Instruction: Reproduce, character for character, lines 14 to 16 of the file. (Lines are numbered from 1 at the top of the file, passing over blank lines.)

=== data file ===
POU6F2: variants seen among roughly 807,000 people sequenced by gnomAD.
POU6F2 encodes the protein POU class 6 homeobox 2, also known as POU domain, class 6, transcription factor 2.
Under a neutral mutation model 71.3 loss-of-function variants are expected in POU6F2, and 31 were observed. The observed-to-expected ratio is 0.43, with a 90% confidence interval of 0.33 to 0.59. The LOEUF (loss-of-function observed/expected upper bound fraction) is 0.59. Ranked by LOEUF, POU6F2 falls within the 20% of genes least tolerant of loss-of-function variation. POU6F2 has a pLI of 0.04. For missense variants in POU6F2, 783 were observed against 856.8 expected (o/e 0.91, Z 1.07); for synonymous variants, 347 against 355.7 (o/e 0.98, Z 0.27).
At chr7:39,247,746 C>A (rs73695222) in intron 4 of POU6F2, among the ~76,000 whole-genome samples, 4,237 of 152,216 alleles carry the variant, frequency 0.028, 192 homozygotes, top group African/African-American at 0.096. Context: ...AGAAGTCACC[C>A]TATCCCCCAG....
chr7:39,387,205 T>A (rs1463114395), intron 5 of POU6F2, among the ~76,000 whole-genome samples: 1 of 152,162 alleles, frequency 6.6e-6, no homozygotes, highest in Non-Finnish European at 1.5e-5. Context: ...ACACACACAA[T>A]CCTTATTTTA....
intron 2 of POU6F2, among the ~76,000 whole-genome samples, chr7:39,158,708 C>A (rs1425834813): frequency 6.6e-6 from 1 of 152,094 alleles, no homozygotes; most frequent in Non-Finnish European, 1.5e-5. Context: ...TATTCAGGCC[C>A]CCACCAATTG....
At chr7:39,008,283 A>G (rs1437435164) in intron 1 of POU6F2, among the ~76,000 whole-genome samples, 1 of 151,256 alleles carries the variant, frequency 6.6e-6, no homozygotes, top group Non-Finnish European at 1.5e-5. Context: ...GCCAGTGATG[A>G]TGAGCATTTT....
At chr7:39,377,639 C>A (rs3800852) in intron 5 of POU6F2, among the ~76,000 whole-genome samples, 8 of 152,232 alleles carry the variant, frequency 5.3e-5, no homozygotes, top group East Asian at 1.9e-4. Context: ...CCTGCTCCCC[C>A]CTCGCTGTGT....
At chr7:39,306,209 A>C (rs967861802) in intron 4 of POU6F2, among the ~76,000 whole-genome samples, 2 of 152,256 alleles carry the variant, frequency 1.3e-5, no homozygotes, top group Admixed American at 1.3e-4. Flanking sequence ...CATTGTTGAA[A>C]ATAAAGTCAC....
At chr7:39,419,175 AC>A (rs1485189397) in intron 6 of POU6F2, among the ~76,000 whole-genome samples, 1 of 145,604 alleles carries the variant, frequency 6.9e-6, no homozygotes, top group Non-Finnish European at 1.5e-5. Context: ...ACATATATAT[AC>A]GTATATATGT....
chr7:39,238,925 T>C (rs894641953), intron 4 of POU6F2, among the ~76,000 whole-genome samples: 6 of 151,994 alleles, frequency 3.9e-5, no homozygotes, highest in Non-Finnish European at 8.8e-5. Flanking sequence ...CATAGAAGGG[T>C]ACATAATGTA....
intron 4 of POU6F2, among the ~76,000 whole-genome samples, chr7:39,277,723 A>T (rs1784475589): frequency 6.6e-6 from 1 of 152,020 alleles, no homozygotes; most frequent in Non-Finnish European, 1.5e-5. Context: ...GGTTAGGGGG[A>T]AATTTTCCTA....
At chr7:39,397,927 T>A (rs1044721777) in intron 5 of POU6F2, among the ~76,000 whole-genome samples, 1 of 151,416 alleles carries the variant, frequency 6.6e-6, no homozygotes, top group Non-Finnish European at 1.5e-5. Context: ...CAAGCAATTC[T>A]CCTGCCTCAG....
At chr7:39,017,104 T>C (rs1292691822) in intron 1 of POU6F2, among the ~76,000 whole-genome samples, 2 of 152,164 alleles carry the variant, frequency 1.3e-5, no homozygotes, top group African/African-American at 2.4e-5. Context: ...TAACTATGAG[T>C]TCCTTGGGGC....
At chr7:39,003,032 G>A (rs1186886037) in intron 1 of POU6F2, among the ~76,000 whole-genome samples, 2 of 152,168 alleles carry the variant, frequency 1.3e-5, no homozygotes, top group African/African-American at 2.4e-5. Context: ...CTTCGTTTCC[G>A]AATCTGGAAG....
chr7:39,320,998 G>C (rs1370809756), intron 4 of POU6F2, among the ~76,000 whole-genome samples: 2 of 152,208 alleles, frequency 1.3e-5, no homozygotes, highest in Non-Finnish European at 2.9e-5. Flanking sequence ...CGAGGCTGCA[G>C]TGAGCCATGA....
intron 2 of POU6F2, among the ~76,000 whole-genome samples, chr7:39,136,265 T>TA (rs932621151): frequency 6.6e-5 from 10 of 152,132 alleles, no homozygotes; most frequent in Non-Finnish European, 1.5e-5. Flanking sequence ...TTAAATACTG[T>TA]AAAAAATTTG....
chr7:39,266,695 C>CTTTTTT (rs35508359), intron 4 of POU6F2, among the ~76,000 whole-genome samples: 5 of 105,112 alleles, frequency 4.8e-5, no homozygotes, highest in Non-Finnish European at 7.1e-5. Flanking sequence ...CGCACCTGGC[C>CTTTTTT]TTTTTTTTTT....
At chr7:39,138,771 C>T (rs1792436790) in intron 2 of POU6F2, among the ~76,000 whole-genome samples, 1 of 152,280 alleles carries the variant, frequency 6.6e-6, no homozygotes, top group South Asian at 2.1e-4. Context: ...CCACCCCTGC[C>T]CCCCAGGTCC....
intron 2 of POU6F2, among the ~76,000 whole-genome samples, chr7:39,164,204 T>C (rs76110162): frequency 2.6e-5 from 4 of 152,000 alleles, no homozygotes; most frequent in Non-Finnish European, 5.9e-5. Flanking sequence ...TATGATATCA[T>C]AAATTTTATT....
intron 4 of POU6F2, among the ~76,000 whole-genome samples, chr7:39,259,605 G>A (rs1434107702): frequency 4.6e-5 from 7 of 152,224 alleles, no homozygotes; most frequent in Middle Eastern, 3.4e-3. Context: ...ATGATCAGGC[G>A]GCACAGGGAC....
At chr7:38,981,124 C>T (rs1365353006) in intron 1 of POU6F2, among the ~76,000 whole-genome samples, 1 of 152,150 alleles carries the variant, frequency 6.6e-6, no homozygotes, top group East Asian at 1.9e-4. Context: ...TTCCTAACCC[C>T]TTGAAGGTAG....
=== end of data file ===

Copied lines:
At chr7:39,017,104 T>C (rs1292691822) in intron 1 of POU6F2, among the ~76,000 whole-genome samples, 2 of 152,164 alleles carry the variant, frequency 1.3e-5, no homozygotes, top group African/African-American at 2.4e-5. Context: ...TAACTATGAG[T>C]TCCTTGGGGC....
At chr7:39,003,032 G>A (rs1186886037) in intron 1 of POU6F2, among the ~76,000 whole-genome samples, 2 of 152,168 alleles carry the variant, frequency 1.3e-5, no homozygotes, top group African/African-American at 2.4e-5. Context: ...CTTCGTTTCC[G>A]AATCTGGAAG....
chr7:39,320,998 G>C (rs1370809756), intron 4 of POU6F2, among the ~76,000 whole-genome samples: 2 of 152,208 alleles, frequency 1.3e-5, no homozygotes, highest in Non-Finnish European at 2.9e-5. Flanking sequence ...CGAGGCTGCA[G>C]TGAGCCATGA....